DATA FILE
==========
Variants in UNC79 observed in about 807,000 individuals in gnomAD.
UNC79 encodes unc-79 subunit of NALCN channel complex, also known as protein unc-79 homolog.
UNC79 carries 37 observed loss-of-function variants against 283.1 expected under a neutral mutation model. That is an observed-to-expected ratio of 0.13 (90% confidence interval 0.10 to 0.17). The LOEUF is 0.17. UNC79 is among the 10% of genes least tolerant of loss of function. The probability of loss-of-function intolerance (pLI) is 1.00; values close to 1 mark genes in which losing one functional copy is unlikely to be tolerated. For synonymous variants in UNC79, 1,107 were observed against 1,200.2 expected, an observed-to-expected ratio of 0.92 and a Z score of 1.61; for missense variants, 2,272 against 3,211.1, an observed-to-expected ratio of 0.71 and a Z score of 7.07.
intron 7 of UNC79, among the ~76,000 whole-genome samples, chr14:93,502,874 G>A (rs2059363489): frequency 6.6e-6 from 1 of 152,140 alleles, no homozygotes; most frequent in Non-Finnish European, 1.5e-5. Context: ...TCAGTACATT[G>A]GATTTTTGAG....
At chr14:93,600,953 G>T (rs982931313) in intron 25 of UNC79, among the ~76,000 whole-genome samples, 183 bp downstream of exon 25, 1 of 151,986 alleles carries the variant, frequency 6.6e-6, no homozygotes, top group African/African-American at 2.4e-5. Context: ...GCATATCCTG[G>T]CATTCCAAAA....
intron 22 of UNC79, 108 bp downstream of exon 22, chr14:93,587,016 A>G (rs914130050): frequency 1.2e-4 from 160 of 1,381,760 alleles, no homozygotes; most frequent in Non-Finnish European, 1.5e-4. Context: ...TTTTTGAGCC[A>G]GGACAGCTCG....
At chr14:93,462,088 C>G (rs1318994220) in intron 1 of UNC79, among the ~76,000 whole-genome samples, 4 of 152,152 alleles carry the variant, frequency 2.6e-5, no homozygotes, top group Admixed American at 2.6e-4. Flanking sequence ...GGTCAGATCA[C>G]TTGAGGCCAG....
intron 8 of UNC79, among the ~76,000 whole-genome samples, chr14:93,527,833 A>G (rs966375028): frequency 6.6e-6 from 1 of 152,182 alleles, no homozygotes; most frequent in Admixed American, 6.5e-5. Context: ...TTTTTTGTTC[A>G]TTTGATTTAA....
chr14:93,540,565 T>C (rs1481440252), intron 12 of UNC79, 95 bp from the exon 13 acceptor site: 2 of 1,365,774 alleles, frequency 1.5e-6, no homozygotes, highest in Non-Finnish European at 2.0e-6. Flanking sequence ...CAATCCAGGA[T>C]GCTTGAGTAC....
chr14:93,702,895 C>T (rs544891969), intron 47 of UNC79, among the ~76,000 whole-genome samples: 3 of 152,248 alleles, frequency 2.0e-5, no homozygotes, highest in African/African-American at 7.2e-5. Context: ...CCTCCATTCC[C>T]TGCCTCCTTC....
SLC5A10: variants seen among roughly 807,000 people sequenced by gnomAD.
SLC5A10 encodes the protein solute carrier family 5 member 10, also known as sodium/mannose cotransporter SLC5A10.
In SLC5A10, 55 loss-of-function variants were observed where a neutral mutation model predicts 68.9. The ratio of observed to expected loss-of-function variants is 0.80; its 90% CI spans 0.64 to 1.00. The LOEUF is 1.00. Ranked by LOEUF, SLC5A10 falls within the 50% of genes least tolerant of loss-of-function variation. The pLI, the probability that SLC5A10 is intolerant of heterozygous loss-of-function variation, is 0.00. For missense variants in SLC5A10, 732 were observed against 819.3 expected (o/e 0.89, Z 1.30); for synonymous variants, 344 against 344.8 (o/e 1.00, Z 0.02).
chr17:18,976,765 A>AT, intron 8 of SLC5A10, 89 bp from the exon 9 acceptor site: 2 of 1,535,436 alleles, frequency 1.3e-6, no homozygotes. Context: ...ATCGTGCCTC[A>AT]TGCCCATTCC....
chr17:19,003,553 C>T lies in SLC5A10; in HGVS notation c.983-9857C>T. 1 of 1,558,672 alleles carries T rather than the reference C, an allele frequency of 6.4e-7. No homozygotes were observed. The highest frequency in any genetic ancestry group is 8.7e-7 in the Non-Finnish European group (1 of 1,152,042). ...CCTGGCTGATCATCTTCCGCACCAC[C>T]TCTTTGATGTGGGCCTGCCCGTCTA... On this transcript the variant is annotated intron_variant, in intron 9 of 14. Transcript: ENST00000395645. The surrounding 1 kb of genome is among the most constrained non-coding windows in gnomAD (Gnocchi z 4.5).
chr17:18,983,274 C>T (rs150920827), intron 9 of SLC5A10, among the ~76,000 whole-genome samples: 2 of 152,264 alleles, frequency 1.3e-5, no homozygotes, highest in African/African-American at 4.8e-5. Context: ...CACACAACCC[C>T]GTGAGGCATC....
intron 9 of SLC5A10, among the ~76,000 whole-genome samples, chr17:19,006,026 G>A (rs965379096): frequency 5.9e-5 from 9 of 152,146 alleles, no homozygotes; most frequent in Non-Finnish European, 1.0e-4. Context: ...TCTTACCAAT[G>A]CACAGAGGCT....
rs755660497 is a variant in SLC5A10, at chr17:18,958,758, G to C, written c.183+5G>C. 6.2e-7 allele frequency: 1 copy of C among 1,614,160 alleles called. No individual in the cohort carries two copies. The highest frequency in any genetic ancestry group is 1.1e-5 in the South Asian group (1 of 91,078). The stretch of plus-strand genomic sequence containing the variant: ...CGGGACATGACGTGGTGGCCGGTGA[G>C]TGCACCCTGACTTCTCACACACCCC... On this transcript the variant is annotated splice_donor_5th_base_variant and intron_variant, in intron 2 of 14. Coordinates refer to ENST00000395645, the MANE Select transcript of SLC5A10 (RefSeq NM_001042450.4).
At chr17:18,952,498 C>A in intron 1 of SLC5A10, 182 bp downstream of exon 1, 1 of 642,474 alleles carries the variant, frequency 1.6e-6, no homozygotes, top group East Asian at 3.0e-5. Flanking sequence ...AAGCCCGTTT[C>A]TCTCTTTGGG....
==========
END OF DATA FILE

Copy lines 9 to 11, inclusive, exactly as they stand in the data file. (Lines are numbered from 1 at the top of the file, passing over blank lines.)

chr14:93,540,565 T>C (rs1481440252), intron 12 of UNC79, 95 bp from the exon 13 acceptor site: 2 of 1,365,774 alleles, frequency 1.5e-6, no homozygotes, highest in Non-Finnish European at 2.0e-6. Flanking sequence ...CAATCCAGGA[T>C]GCTTGAGTAC....
chr14:93,702,895 C>T (rs544891969), intron 47 of UNC79, among the ~76,000 whole-genome samples: 3 of 152,248 alleles, frequency 2.0e-5, no homozygotes, highest in African/African-American at 7.2e-5. Context: ...CCTCCATTCC[C>T]TGCCTCCTTC....
SLC5A10: variants seen among roughly 807,000 people sequenced by gnomAD.